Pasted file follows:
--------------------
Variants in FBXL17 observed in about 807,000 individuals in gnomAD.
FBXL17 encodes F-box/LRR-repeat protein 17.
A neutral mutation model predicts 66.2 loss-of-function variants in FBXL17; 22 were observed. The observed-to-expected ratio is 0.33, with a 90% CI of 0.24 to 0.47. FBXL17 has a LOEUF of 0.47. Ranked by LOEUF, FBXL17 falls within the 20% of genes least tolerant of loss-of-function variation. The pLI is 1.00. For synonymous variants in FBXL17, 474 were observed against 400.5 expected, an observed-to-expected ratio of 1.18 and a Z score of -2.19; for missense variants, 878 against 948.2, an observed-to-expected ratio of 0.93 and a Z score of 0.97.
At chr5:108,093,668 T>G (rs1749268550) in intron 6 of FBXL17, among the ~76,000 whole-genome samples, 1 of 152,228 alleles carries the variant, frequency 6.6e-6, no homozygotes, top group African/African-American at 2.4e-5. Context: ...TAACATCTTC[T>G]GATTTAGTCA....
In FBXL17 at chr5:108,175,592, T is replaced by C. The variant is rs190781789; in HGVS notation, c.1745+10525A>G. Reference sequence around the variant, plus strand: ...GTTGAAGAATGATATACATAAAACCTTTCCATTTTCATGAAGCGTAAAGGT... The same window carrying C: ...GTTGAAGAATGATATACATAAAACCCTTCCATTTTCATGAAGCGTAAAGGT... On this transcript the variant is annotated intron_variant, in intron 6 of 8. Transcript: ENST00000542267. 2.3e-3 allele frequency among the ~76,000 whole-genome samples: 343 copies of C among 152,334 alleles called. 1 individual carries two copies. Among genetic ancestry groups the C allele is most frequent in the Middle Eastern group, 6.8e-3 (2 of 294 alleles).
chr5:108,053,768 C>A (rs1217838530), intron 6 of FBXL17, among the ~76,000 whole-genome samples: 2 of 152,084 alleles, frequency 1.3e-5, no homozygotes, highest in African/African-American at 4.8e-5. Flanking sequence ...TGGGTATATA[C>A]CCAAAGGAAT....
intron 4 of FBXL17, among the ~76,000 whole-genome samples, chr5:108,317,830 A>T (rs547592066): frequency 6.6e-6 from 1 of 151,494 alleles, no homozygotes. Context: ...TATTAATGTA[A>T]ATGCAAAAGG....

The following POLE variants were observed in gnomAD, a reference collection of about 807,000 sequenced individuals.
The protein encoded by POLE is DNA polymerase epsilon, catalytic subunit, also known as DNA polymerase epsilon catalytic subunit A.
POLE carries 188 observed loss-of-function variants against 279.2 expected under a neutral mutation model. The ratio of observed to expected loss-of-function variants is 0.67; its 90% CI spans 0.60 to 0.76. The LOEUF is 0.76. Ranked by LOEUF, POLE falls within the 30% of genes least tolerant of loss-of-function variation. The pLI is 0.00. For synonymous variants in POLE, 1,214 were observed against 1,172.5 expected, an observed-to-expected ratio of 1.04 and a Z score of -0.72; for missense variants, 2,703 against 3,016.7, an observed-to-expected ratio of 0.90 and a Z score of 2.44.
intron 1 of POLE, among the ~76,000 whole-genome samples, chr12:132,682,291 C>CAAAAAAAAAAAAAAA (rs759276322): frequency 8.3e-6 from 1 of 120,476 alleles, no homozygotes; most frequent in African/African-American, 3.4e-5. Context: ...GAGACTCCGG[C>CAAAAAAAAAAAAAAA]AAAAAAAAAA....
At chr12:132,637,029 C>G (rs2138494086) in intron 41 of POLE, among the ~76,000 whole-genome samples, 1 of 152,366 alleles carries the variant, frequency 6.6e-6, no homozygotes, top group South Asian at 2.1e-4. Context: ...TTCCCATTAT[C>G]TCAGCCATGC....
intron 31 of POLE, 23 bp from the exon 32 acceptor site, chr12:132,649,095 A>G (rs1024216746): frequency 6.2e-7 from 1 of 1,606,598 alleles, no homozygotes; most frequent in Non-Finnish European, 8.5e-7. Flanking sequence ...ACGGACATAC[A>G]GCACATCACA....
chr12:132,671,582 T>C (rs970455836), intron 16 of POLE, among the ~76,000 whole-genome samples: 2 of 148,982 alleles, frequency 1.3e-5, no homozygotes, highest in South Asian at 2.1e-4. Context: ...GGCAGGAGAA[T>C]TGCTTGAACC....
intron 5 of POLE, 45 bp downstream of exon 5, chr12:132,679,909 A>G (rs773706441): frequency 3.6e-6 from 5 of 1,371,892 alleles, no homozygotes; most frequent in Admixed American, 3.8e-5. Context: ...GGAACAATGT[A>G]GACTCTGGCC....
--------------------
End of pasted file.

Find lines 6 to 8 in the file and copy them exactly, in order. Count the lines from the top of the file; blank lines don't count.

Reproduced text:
chr5:108,053,768 C>A (rs1217838530), intron 6 of FBXL17, among the ~76,000 whole-genome samples: 2 of 152,084 alleles, frequency 1.3e-5, no homozygotes, highest in African/African-American at 4.8e-5. Flanking sequence ...TGGGTATATA[C>A]CCAAAGGAAT....
intron 4 of FBXL17, among the ~76,000 whole-genome samples, chr5:108,317,830 A>T (rs547592066): frequency 6.6e-6 from 1 of 151,494 alleles, no homozygotes. Context: ...TATTAATGTA[A>T]ATGCAAAAGG....

The following POLE variants were observed in gnomAD, a reference collection of about 807,000 sequenced individuals.